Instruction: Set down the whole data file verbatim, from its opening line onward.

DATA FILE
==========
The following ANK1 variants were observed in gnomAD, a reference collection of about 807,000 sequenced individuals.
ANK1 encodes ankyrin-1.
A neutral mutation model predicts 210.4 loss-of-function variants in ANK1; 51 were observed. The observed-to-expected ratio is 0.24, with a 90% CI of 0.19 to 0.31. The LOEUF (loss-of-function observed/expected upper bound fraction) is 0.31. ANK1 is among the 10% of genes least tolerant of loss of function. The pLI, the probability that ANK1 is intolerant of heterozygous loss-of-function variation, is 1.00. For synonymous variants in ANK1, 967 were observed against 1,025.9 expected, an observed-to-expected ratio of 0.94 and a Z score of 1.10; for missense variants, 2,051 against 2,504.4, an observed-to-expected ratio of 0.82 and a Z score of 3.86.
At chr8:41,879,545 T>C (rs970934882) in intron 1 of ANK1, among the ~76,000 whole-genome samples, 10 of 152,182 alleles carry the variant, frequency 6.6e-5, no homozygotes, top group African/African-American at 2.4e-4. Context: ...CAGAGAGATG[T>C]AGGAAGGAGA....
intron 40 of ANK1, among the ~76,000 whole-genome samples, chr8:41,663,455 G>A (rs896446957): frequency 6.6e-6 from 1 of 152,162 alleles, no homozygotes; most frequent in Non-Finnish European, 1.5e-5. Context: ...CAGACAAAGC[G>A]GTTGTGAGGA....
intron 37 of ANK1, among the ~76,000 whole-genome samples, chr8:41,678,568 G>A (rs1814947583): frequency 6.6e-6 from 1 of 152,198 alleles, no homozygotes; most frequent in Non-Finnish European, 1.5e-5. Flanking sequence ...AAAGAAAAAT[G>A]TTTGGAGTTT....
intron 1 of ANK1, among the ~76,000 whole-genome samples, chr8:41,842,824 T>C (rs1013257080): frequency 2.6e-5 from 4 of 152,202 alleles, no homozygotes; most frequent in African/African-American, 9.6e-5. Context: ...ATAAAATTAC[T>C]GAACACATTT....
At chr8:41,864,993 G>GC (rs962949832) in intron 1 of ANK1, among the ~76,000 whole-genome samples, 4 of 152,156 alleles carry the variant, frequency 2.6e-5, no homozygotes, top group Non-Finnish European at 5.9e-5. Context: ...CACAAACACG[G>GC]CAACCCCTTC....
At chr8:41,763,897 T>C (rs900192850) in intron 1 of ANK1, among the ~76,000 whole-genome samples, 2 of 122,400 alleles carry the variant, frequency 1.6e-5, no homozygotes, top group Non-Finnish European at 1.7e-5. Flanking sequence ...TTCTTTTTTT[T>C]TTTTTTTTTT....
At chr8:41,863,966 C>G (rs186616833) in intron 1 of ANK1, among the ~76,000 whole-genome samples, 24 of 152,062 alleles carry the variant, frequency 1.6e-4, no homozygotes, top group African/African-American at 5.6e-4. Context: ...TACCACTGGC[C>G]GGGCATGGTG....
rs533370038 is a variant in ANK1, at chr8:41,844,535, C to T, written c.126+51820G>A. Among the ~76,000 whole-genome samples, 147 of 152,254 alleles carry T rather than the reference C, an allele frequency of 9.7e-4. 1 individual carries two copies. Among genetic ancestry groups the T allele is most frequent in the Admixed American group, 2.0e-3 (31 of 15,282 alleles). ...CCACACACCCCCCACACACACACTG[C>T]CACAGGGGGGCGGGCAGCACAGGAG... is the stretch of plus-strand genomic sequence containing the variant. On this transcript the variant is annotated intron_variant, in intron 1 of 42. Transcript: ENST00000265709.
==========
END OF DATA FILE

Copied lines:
The following ANK1 variants were observed in gnomAD, a reference collection of about 807,000 sequenced individuals.
ANK1 encodes ankyrin-1.
A neutral mutation model predicts 210.4 loss-of-function variants in ANK1; 51 were observed. The observed-to-expected ratio is 0.24, with a 90% CI of 0.19 to 0.31. The LOEUF (loss-of-function observed/expected upper bound fraction) is 0.31. ANK1 is among the 10% of genes least tolerant of loss of function. The pLI, the probability that ANK1 is intolerant of heterozygous loss-of-function variation, is 1.00. For synonymous variants in ANK1, 967 were observed against 1,025.9 expected, an observed-to-expected ratio of 0.94 and a Z score of 1.10; for missense variants, 2,051 against 2,504.4, an observed-to-expected ratio of 0.82 and a Z score of 3.86.
At chr8:41,879,545 T>C (rs970934882) in intron 1 of ANK1, among the ~76,000 whole-genome samples, 10 of 152,182 alleles carry the variant, frequency 6.6e-5, no homozygotes, top group African/African-American at 2.4e-4. Context: ...CAGAGAGATG[T>C]AGGAAGGAGA....
intron 40 of ANK1, among the ~76,000 whole-genome samples, chr8:41,663,455 G>A (rs896446957): frequency 6.6e-6 from 1 of 152,162 alleles, no homozygotes; most frequent in Non-Finnish European, 1.5e-5. Context: ...CAGACAAAGC[G>A]GTTGTGAGGA....
intron 37 of ANK1, among the ~76,000 whole-genome samples, chr8:41,678,568 G>A (rs1814947583): frequency 6.6e-6 from 1 of 152,198 alleles, no homozygotes; most frequent in Non-Finnish European, 1.5e-5. Flanking sequence ...AAAGAAAAAT[G>A]TTTGGAGTTT....
intron 1 of ANK1, among the ~76,000 whole-genome samples, chr8:41,842,824 T>C (rs1013257080): frequency 2.6e-5 from 4 of 152,202 alleles, no homozygotes; most frequent in African/African-American, 9.6e-5. Context: ...ATAAAATTAC[T>C]GAACACATTT....
At chr8:41,864,993 G>GC (rs962949832) in intron 1 of ANK1, among the ~76,000 whole-genome samples, 4 of 152,156 alleles carry the variant, frequency 2.6e-5, no homozygotes, top group Non-Finnish European at 5.9e-5. Context: ...CACAAACACG[G>GC]CAACCCCTTC....
At chr8:41,763,897 T>C (rs900192850) in intron 1 of ANK1, among the ~76,000 whole-genome samples, 2 of 122,400 alleles carry the variant, frequency 1.6e-5, no homozygotes, top group Non-Finnish European at 1.7e-5. Flanking sequence ...TTCTTTTTTT[T>C]TTTTTTTTTT....
At chr8:41,863,966 C>G (rs186616833) in intron 1 of ANK1, among the ~76,000 whole-genome samples, 24 of 152,062 alleles carry the variant, frequency 1.6e-4, no homozygotes, top group African/African-American at 5.6e-4. Context: ...TACCACTGGC[C>G]GGGCATGGTG....
rs533370038 is a variant in ANK1, at chr8:41,844,535, C to T, written c.126+51820G>A. Among the ~76,000 whole-genome samples, 147 of 152,254 alleles carry T rather than the reference C, an allele frequency of 9.7e-4. 1 individual carries two copies. Among genetic ancestry groups the T allele is most frequent in the Admixed American group, 2.0e-3 (31 of 15,282 alleles). ...CCACACACCCCCCACACACACACTG[C>T]CACAGGGGGGCGGGCAGCACAGGAG... is the stretch of plus-strand genomic sequence containing the variant. On this transcript the variant is annotated intron_variant, in intron 1 of 42. Transcript: ENST00000265709.